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review 2017-12-17 14:15
ARC Review: Amid the Winter Snow by Grace Draven, Thea Harrison, Elizabeth Hunter, Jeffe Kennedy
Amid the Winter Snow: A Holiday Anthology - Grace Draven,Jeffe Kennedy,Thea Harrison,Elizabeth Hunter
Amid the Winter Snow

Grace Draven, Thea Harrison, Elizabeth Hunter, Jeffe Kennedy
Paranormal Romance - Science Fiction - Anthologies
Brightlynx Publishing
December 12th 2017
eBook
454
ARC Review Copy

 

As the snows fall and hearths burn, four stories of Midwinter beginnings prove that love can fight its way through the chillest night...

 

THE DARKEST MIDNIGHT, by Grace Draven
The mark Jahna Ulfrida was born with has made her a target of the cruel and idle all her life. During the long, crowded festivities of Deyalda, there’s nowhere to escape. Until a handsome stranger promises to teach her to save herself…

 

THE CHOSEN, by Thea Harrison
In her visions, Lily sees two men fighting for her tiny country’s allegiance: the wolf and the tiger, each deadly, each cunning. One will bring Ys chaos and death, one a gentler path—but she’s destined to love whichever she chooses. The midwinter Masque is upon them, and the wolf is at her door…

 

THE STORM, by Elizabeth Hunter
When her soul mate died in a massacre of the half-angelic Irin people, Renata thought she’d never feel happiness again. She’s retreated to the snowy Dolomites to remember her hurts—until determined, irrepressible Maxim arrives to insist on joy, too. And before she can throw him out, they discover a secret the Irin have to know…

 

THE SNOWS OF WINDROVEN, by Jeffe Kennedy
As a blizzard threatens their mountain keep, the new Queen Amelia of the Twelve Kingdoms and her unofficial consort Ash face their own storm. Ash knows a scarred, jumpy ex-convict isn’t the companion his queen needs. But when a surprise attack confines them together in their isolated sanctuary, the feast of midwinter might tempt even Ash into childlike hope…

 

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Overall Rating of Amid the Winter Snow: 4 Stars

 

Amid the Winter Snow features four novellas that where charming, delightful, and engaging to read. Thea Harrison is the only author in this anthology I’m familiar with, so the other three were new to me. I was drawn into the stories and taken for a whirlwind ride of heartache, conflict, healing, and love. Each novella is distinct, special, and focuses around a winter holiday. Out of all the novellas featured the only one I didn’t care for was The Snows of Windroven by Jeffe Kennedy.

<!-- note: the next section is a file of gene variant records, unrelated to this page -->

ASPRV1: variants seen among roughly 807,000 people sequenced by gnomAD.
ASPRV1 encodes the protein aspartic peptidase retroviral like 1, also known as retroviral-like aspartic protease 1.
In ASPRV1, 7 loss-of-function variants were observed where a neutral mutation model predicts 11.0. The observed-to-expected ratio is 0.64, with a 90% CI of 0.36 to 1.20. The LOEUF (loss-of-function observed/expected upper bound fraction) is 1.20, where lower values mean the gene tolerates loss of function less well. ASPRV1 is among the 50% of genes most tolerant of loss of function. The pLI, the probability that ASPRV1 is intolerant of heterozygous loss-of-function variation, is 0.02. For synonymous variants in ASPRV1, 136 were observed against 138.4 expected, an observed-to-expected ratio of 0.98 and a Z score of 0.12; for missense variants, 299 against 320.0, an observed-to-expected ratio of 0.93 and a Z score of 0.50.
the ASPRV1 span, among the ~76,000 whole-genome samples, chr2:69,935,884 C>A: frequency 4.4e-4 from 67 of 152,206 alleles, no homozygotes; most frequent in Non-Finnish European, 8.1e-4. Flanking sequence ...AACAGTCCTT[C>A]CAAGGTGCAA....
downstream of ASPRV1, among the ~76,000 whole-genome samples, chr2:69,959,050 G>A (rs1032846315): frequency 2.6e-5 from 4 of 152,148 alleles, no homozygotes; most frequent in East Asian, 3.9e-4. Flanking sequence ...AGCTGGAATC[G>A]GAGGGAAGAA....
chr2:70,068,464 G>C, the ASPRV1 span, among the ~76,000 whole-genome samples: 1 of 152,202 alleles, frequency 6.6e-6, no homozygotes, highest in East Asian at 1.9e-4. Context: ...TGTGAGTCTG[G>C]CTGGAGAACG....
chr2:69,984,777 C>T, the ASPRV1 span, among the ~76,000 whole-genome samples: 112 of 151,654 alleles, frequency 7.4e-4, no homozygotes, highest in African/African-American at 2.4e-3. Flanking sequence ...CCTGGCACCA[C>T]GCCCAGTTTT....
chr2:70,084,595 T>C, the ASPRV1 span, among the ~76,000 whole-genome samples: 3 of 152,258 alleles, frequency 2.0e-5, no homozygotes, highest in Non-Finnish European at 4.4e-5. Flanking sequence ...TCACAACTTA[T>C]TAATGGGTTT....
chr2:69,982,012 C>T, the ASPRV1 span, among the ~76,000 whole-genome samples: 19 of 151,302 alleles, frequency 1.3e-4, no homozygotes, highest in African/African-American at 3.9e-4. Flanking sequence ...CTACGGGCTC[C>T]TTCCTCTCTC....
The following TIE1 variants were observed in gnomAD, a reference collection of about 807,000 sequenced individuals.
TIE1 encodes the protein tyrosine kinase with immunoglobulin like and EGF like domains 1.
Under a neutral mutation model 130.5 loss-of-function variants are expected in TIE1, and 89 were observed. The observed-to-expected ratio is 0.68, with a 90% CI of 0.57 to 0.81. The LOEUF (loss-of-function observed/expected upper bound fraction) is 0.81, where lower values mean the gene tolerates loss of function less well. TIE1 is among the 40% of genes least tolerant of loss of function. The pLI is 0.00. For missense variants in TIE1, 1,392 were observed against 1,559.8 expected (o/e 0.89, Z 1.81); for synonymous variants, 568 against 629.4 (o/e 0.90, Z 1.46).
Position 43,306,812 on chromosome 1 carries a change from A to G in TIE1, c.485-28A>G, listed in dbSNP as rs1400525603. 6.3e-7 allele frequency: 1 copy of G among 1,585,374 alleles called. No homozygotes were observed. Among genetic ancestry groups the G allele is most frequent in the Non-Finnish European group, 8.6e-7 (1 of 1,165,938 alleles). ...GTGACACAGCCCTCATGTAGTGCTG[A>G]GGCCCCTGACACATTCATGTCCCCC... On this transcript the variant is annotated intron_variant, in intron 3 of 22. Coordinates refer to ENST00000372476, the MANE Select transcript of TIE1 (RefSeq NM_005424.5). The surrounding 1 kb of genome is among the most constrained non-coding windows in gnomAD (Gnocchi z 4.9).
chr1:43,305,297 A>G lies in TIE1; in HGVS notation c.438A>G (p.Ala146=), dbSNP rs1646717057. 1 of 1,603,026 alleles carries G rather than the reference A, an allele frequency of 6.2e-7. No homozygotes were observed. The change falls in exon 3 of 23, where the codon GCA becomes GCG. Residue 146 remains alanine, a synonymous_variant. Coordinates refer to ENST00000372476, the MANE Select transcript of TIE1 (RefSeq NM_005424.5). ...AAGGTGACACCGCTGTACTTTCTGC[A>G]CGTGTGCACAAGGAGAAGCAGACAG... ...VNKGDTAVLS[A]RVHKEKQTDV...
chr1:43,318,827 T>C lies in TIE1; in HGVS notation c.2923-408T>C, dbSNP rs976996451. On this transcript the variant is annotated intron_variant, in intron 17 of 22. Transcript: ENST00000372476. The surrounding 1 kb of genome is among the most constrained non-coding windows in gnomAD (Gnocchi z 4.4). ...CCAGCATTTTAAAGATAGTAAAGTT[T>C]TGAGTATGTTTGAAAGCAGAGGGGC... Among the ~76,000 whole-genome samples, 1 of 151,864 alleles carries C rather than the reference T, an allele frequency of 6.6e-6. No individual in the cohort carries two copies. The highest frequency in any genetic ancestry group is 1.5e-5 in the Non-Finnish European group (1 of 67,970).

Below you will find my individual reviews for each novella in this anthology.

 

The Darkest Midnight by Grace Draven – 5 Stars

 

I very much loved The Darkest Midnight. I couldn’t put the story down and devoured from begging to end.

 

When we first meet Jahna she is only fifteen and being tormented by a group of girls. The Delyalda celebration is never a fun time for her; because of this. As the years move on we see her learn swordsman ship along side her brother as well as becoming an accomplished scholar by writing down all the stories she is told. At the begging we also meet Radimar he is seven years older then Jahna and to be her brothers sword master teacher for four years. We see how their relationship develops over the years. How the romance blossoms between them. It’s sad and sweet.

 

I liked how the author made the time move on and how the characters change and grow throughout years. It was also very sweet how Radimar helped coax Jahna to be more confident and have courage.

 

The Darkest Midnight was a remarkable, sweet, and captivating read.

 

*****

 

The Chosen by Thea Harrison – 4 Stars

 

I very much enjoy the Elder Race series and this novella was no exception.

 

Lily can see things and she’s been having dreams about two men battling. Now that Wulf has arrived on her doorstep she must choose sides. One will lead to happiness, while the other will lead to despair.

 

Wolf is a bad and good man wrapped up in one. He’s formidable and honorable too. Lily is the Chosen and leader of her people. I liked Lily and Wolf. Both knew the hardship of being leaders for their people and living with chooses that may not always turn out. Their chemistry together was wonderful, these two complemented each other, and their romance was enchanting.

 

The Chosen is a magical story full of confrontation and desire.

 

*****

 

The Storm by Elizabeth Hunter – 4.5 Stars

 

I was a bit unsure going into The Storm, but the more I read the more interesting the novella became and now I’m curious about reading the series this one takes place in the Iron Chronicles.

 

Renata & Maxim from what I got are side characters in the series or so it seams to me. Since I haven’t read the series I’m not positive. A lot happens; before these two meet and after they meet as well. Their courtship spans over 18-years.

 

The author showcase Renata and Maxim throughout the years. We get some of their backstory as well as little parts of information on what happens in the Iron Chronicles series too. I cried in a few parts throughout this novella. It’s hard to move on when your lose is so big, but Maxim never gives up on Renata and their love is captivating.

 

The Storm gives us loss, heartache, healing, love, and learning to let go and move on. It keeps up with the series it’s part of, but also stands very much on it’s own.

 

*****

 

The Snows of Windroven by Jeffe Kennedy – 2.5 Stars

 

This one was my least favorite. Why? Well we’re coming into the middle of this couples relationship or whatever it is between them. The backstory is lacking and from what I’ve discovered this novella is part of The Twelve Kingdoms series. Ami has her own story, The Tears of the Rose.